Updated: Feb 28
See for yourself the impact of Junior Ski Patrol, a program that teaches young girls the leadership and skills required for patrolling at their local mountain.
Photo by Ryan French, SheJumps Junior Ski Patrol, Crystal Mountain 2017
Here at SheJumps, it’s no secret we love skiing. We also love the patrollers keeping the mountain safe for us to ski. But who’s behind the goggles and strands? With Junior Ski Patrol, young girls meet, work, and learn alongside women patrollers for a day. The idea of a larger mentorship program began with SheJumps Creative Director Christy Pelland and former Crystal Mountain Patrol Director Kim Kircher in the winter of 2017.
Photos by Ryan French, SheJumps Junior Ski Patrol, Crystal Mountain 2017
“My daughter Harper was obsessed with patrolling and really looked up to our female patrol director at Crystal. She got to ski with her, hang in the patrol room, do sweep - many special aspects that enriched her love and respect for what patrollers do to keep everyone safe on the mountain,” explained Pellard. “Kim Kircher and I decided we needed to give other girls that opportunity so Junior Ski Patrol was born.”
A mission of SheJumps is to increase the participation of girls in outdoor activities. Historically, Ski Patrol has been a male-dominated profession; with programs like Junior Ski Patrol, the goal is to encourage a new generation of girls to carve out a career in the mountains. Under the umbrella of Wild Skills, JSP mentors and teaches young participants through the basics of patrol such as running a toboggan, first-aid, and snow safety.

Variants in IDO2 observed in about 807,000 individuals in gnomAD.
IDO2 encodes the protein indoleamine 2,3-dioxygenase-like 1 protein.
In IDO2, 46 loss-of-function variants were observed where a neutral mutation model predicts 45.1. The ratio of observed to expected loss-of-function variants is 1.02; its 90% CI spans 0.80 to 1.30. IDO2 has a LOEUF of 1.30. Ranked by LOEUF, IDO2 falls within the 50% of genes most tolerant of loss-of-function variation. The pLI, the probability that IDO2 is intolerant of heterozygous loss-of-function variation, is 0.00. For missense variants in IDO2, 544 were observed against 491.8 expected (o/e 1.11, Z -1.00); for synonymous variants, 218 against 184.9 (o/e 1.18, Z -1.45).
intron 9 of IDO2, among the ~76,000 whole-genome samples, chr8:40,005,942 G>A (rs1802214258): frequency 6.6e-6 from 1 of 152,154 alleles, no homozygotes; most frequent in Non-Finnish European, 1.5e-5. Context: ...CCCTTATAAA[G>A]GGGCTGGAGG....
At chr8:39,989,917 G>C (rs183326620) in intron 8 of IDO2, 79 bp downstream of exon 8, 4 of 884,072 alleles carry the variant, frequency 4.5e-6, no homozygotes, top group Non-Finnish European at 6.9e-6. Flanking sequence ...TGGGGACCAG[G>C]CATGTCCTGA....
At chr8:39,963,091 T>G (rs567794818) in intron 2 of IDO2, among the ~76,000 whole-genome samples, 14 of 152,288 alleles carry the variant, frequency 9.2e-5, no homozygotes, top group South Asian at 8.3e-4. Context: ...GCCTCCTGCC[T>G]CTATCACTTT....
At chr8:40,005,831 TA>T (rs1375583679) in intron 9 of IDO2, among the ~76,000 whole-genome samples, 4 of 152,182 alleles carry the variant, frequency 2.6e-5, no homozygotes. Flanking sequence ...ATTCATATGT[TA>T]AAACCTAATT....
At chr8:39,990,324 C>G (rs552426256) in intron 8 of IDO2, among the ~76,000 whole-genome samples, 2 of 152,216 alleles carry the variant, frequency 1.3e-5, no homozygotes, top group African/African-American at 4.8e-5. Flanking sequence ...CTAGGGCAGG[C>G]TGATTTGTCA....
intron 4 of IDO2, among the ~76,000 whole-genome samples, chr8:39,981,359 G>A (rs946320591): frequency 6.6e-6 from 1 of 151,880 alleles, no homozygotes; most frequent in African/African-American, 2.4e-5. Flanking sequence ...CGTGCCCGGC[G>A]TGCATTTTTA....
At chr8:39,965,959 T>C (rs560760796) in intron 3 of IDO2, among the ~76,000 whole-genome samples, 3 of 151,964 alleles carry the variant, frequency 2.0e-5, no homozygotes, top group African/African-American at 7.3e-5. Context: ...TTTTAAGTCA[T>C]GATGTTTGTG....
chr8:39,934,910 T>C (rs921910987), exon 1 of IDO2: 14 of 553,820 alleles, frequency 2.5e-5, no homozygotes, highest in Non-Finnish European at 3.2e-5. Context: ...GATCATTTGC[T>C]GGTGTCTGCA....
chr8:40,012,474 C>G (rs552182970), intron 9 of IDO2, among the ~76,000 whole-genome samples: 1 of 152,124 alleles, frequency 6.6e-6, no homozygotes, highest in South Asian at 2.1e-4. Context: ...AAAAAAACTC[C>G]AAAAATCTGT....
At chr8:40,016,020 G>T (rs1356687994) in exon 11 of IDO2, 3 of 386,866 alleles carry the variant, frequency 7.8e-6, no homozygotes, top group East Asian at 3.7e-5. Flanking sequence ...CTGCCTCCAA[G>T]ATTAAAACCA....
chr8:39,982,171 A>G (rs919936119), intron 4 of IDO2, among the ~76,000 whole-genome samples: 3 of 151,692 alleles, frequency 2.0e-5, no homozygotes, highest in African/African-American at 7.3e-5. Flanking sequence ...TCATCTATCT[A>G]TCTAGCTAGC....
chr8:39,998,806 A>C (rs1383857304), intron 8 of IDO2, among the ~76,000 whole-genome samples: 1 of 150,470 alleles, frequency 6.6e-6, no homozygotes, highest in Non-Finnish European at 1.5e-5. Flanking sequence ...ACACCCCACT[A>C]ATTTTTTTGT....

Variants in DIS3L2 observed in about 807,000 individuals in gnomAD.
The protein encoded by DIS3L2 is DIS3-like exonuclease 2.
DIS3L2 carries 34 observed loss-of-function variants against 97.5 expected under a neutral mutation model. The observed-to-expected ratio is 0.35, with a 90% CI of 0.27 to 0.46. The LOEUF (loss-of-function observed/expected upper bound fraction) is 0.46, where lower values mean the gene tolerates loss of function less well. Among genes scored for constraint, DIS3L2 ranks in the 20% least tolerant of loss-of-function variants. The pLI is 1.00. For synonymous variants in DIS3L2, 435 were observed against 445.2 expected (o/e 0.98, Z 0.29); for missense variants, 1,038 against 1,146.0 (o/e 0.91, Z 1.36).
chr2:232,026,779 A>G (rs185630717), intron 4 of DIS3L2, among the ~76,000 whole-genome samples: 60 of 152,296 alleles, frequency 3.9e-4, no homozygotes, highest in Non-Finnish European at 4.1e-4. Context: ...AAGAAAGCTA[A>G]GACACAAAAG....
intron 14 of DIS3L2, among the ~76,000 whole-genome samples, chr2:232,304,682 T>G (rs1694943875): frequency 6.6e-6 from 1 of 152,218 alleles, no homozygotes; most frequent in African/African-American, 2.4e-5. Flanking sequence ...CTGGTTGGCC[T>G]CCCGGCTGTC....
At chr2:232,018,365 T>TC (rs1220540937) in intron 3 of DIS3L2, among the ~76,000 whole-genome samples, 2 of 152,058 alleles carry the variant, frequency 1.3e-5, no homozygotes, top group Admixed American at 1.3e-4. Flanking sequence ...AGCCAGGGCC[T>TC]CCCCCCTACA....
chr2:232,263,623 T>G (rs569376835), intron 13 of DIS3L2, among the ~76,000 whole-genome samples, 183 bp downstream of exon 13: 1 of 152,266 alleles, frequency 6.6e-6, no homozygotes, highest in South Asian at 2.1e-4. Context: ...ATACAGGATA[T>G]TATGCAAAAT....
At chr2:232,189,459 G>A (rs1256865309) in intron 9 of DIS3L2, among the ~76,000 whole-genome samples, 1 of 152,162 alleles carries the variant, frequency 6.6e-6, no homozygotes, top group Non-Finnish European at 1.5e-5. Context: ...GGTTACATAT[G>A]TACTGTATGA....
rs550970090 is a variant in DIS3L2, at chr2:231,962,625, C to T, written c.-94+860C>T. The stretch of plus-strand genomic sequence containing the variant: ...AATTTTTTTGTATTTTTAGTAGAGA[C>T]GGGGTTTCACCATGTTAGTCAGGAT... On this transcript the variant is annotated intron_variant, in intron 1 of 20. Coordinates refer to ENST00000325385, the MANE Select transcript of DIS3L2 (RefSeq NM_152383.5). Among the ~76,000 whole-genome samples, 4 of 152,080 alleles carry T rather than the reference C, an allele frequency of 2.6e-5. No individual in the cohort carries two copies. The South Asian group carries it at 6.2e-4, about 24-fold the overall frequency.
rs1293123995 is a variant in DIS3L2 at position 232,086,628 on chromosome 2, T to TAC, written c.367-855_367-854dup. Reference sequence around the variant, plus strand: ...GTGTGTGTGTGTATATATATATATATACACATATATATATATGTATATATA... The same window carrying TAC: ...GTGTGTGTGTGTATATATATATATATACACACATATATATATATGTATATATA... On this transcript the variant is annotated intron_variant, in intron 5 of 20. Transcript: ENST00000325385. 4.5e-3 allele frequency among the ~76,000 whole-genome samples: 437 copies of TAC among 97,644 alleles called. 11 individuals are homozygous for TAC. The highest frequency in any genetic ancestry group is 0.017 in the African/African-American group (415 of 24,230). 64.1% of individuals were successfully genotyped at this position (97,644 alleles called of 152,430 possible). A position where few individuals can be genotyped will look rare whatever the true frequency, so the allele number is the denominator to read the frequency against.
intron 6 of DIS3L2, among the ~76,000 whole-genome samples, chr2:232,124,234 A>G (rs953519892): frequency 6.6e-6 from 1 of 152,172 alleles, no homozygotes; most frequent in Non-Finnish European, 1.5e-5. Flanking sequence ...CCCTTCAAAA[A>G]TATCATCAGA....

“The JSP program not only opens the world of patrol to young girls, it also brings the enthusiasm of these participants to the patrol,” said Kircher. “There’s nothing like a group of keen girls whooping it up on the slopes to remind a patroller why they ever wanted to get started themselves. The excitement is contagious.”
The team at Crystal caught the excitement bug, as 2022 will mark the fifth year of the program. For Kircher, working with these young girls to learn about and potentially pursue a career in patrolling is inspiring. “I hope that patrol continues to draw men and women who want to help others and be a part of a cool community,” she stated. ”I’d like to see the patrols of the future be inclusive, hard-working, and enthusiastic.”
One of the more memorable aspects for Kircher was the toboggan skills section in past events. “Running a sled is challenging, and the girls that got in the handles were so excited and proud of themselves for trying it,” said Kircher. ”To think that when I started patrolling and doing sled training that was geared toward men with strong upper body strength, I had to secretly glean tips from the veteran ladies on how to drive a sled.”
Stephanie Durbin, a volunteer patroller at White Pass and SheJumps Co-Regional Coordinator in Washington, is passionate about supporting the next generation as well. “Junior Ski Patrol creates a sense of empowerment and inclusion by seeing strong females working together for a common goal of keeping our mountain safe,” she stated, noting that working as a patroller isn’t exclusively seasonal and can be an entire career path. “I hope patrolling will be more inclusive overall with people of different backgrounds, ethnicities, gender identities and overall more diverse in all aspects.”